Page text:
Ever since Remo D’Souza’s ABCD – Any Body Can Dance hit theatres, members of Someday’s cast and crew, who’ve seen ABCD – Any Body Can Dance, have been pointing out that the climax of Remo’s film bears an uncanny resemblance to that of Someday. They’ve been claiming that like in Someday, ABCD – Any Body Can Dance too, has a band of boys introducing Indian elements into their dance to win a dance competition in the end.
In turn, Someday’s producers PRP Pictures and director Saahil Prem have begun suspecting whether the alleged similarity has something to do with an earlier session Saahil had with Remo to discuss the possibilities of the latter choreographing a promotional song for Someday.
Apparently, Saahil had met Remo long before ABCD – Any Body Can Dance was announced. While Remo never really choreographed the said song, Saahil ended up discussing significant dance portions of the film that had been shot in the UK, including the climax. Remo’s being privy to Someday’s content and ABCD’s announcement soon after, caused the needle of suspicion to point toward the choreographer-filmmaker.
Said Saahil: “Yes, I had met Remo and discussed Someday with him at length.” Saahil’s mother, ex-journalist Nishi Prem, who happens to More >
Parag Maniar (BOMBAY TIMES; February 20, 2013)
The positive response to Any Body Can Dance (ABCD) has prompted its makers to plan a sequel with the same team. The writer of ABCD, Amit Aaryan, will pen the script this time as well.
But there was a time when the film, directed by Remo DSouza and starring Prabhu Dheva, had no producer or any backing. Remo simply discussed the idea with Amit and he wrote the script.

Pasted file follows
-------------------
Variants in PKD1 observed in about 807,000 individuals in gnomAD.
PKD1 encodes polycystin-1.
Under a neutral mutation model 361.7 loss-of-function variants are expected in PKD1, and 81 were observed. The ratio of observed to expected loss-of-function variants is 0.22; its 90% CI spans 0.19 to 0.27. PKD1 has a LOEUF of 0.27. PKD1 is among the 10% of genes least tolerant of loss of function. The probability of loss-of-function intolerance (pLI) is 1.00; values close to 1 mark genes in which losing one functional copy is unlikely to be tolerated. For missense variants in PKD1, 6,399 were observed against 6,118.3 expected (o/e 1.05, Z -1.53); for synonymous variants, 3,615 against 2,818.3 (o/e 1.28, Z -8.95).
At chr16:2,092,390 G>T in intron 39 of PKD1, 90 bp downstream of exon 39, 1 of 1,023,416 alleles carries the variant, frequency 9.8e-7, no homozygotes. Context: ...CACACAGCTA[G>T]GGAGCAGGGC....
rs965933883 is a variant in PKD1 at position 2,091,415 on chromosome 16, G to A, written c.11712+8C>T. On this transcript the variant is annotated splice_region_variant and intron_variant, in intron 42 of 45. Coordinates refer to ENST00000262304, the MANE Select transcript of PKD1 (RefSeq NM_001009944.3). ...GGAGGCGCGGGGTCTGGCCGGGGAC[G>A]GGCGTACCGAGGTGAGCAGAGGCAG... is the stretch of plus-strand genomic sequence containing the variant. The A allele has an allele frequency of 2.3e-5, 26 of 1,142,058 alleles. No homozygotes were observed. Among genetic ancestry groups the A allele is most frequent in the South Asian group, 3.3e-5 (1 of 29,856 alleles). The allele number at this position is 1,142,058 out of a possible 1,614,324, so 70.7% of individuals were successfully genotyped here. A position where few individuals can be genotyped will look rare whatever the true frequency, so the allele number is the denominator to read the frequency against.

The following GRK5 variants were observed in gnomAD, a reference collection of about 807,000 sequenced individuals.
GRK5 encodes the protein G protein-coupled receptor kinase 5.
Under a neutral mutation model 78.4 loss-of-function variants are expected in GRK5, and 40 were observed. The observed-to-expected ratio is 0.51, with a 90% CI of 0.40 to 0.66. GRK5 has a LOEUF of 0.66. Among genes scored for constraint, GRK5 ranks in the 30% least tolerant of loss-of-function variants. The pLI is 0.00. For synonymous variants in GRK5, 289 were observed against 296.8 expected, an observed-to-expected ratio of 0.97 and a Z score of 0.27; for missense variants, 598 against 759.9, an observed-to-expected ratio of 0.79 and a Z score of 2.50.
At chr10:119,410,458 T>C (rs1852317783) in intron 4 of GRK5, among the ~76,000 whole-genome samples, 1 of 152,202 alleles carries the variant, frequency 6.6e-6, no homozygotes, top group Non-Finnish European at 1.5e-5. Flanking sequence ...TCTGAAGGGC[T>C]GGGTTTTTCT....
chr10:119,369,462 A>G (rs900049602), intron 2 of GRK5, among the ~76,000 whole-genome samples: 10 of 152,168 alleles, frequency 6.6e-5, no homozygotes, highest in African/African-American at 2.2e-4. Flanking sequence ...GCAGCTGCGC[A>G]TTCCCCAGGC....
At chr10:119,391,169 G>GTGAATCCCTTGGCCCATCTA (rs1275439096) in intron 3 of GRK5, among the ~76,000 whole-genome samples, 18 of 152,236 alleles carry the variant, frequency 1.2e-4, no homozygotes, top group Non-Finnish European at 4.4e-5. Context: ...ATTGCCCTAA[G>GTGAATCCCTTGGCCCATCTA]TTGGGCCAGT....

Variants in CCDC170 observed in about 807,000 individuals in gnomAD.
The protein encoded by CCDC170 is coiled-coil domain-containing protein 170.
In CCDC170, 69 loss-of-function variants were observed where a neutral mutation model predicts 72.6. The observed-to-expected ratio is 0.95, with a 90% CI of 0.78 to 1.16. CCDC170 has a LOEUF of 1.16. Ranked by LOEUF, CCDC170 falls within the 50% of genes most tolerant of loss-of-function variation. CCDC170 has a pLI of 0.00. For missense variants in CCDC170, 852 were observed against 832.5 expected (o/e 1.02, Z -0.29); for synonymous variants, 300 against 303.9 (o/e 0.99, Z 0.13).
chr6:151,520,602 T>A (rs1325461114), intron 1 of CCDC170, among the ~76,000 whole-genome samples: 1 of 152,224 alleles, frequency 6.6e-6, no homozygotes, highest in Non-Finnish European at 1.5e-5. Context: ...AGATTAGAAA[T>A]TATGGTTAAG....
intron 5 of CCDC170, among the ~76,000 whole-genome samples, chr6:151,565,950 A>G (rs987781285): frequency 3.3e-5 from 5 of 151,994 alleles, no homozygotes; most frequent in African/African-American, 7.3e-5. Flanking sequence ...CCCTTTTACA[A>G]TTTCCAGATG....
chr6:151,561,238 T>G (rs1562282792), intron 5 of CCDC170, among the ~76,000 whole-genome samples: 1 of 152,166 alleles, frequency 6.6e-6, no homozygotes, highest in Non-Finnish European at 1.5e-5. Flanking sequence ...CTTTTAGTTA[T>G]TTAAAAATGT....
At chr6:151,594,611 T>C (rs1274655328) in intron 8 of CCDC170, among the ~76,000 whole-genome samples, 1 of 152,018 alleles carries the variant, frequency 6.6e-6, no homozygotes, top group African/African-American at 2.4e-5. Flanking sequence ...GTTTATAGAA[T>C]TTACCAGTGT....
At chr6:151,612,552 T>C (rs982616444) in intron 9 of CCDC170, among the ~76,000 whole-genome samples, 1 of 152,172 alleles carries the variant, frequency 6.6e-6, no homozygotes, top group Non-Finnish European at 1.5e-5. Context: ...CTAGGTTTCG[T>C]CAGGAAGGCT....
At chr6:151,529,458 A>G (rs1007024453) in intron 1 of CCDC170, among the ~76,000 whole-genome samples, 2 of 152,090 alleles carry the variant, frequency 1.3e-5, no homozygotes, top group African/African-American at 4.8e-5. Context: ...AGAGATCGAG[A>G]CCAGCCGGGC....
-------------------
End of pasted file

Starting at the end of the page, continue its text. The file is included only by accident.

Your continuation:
“Remo used to watch a popular serial that I was writing for and was aware about me. And then, Tusshar Hiranandani, a common friend and scriptwriter, made us meet. Believe me, while writing the script, I had no clue whether we would get a producer or not. But once the script was ready, we narrated it to Ronnie Screwvala and Siddharth Roy Kapur (of UTV Motion Pictures) who liked it immensely. Later, Ronnie suggested that the film be made in 3D”, recalls Amit.
But ABCD is not the first film Amit has written. He had earlier penned David Dhawan’s Do Knot Disturb (2009). But writing for TV shows left him with no time for films.
Amit adds, “I have been writing my comedy serial for the past seven years without a break. The channel now has plans to approach the Guiness Book Of World Records for the longest running comedy show.”
He is currently working on a fictional dance show to be made under his banner, Sai Shiimmer. “There are also two other film, for which where I have been asked to write the script. I am happy with the way things are shaping up and could not have More >
Mehul S Thakkar (MUMBAI MIRROR; February 12, 2013)